China’s ‘silk road’ ambition tests maritime fulcrum for Indonesia


By C. P. F. Luhulima ,The Jakarta Post/Asia News Network

The South China Sea conflict has been raging for years with no solution in sight. At a forum on maritime cooperation in East Asia held by the Asian Peace and Reconciliation Council (APRC) on Dec. 2, it was said that finding a solution to the South China Sea conflict would be difficult as the conflict related to the issue of sovereignty. The only way to manage the conflict is apparently to persevere in building confidence among the parties involved in the dispute. China has consistently objected to ASEAN consolidating itself on the South China Sea issue and insist that parties involved in the dispute have to resolve the sovereignty and jurisdictional issues bilaterally, not multilaterally. But ASEAN has always insisted on consolidating its position first before meeting with China.

ASEAN could, however, not stick to its 10 plus 1 position as China continued to oppose it. China has always persisted on negotiating South China Sea issues among relevant parties, not with ASEAN as a whole.

On Oct. 31 President Xi Jinping proposed the Maritime Silk Road (MSR) of the 21st Century in Indonesia, in an attempt to transform the conflict into a constructive scheme, simultaneously to highlight Indonesia and ASEAN’s crucial significance in the initiative. It forms a new part of ��China’s new foreign cooperation strategy under the new Chinese leadership,�� writes the scholar Yu Hong.

By promoting ports and other forms of infrastructure cooperation, Yu Hong writes that China ��seeks to ease its territorial disputes with other ASEAN claimant states and strengthen mutual trust.�� The MSR is also meant, ��to narrow the huge infrastructure development gap among ASEAN members … Expanding bilateral cooperation with ASEAN is contingent on the smooth settlement of disputes in the South China Sea.�� Given the magnitude of this scheme, China will indeed have balanced its argument on regional economic cooperation and apprehensions of its Southeast Asian neighbors about its determination. Simultaneously, to finance the initiative, President Xi Jinping proposed the establishment of the Asian Infrastructure Investment Bank (AIIB), primarily meant to support connectivity, integration and boost economic development to increase the competitiveness of Asia’s economies and to finance their infrastructure build-up.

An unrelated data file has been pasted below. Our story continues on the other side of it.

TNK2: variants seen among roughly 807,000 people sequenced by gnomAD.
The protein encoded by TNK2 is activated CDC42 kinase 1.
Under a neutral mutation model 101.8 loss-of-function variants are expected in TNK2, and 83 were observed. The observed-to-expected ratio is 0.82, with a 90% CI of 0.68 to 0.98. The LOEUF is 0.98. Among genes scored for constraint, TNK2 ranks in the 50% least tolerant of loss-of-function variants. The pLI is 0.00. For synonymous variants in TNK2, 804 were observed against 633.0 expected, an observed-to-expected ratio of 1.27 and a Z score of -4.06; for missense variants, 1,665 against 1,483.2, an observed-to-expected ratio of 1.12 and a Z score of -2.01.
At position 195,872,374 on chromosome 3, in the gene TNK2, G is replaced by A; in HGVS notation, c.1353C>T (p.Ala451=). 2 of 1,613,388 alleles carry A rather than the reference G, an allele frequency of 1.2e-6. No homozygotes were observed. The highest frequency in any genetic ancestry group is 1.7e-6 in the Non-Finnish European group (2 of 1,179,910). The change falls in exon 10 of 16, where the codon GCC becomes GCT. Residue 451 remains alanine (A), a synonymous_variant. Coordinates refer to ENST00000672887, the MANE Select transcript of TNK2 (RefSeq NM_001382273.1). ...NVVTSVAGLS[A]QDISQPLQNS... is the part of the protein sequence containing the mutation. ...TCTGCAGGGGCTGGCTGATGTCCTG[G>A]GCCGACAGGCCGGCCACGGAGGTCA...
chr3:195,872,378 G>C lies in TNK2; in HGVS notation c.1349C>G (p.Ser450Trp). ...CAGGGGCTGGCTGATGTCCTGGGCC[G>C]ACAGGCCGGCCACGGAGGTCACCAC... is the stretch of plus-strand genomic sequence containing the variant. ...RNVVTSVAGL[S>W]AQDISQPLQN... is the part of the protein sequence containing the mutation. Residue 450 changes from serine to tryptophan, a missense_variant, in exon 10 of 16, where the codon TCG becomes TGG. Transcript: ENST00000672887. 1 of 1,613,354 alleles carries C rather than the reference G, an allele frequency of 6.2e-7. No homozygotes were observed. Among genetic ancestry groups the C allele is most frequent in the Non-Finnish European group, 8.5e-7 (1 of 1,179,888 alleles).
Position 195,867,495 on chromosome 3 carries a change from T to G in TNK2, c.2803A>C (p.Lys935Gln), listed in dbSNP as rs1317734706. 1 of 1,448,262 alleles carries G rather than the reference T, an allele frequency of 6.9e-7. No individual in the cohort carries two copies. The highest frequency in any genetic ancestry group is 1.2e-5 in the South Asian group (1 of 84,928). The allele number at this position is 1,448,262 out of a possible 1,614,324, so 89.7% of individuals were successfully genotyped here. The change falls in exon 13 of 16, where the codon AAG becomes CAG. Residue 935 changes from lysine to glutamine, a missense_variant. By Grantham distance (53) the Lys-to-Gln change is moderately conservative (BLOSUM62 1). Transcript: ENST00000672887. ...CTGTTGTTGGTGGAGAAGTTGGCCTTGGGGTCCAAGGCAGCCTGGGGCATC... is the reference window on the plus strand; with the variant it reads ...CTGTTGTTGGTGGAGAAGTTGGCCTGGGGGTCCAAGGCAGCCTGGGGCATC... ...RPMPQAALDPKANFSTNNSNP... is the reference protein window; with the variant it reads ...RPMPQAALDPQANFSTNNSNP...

Indonesia’s hope for AIIB

Indonesia is active in initiating the ASEAN Caucus on the establishment of the AIIB. In May 2014, ASEAN-5, the original members of ASEAN, agreed to become the founding members of AIIB as a unit. ASEAN-5 agreed to set the minimum amount of contribution to AIIB with their contribution to the Asia Development Bank as the benchmark. Their agreement also took into consideration the ASEAN Infrastructure Fund (AIF) with the view that at a later stage AIIB could become one of AIF’s shareholders.

At the bilateral meeting between President Xi and President Joko ��Jokowi�� Widodo on Nov. 9 during the APEC forum in Beijing, both discussed Indonesia’s participation in the AIIB, in which Jokowi reemphasized Indonesian’s intention to sign the memorandum of understanding (MoU) on the AIIB.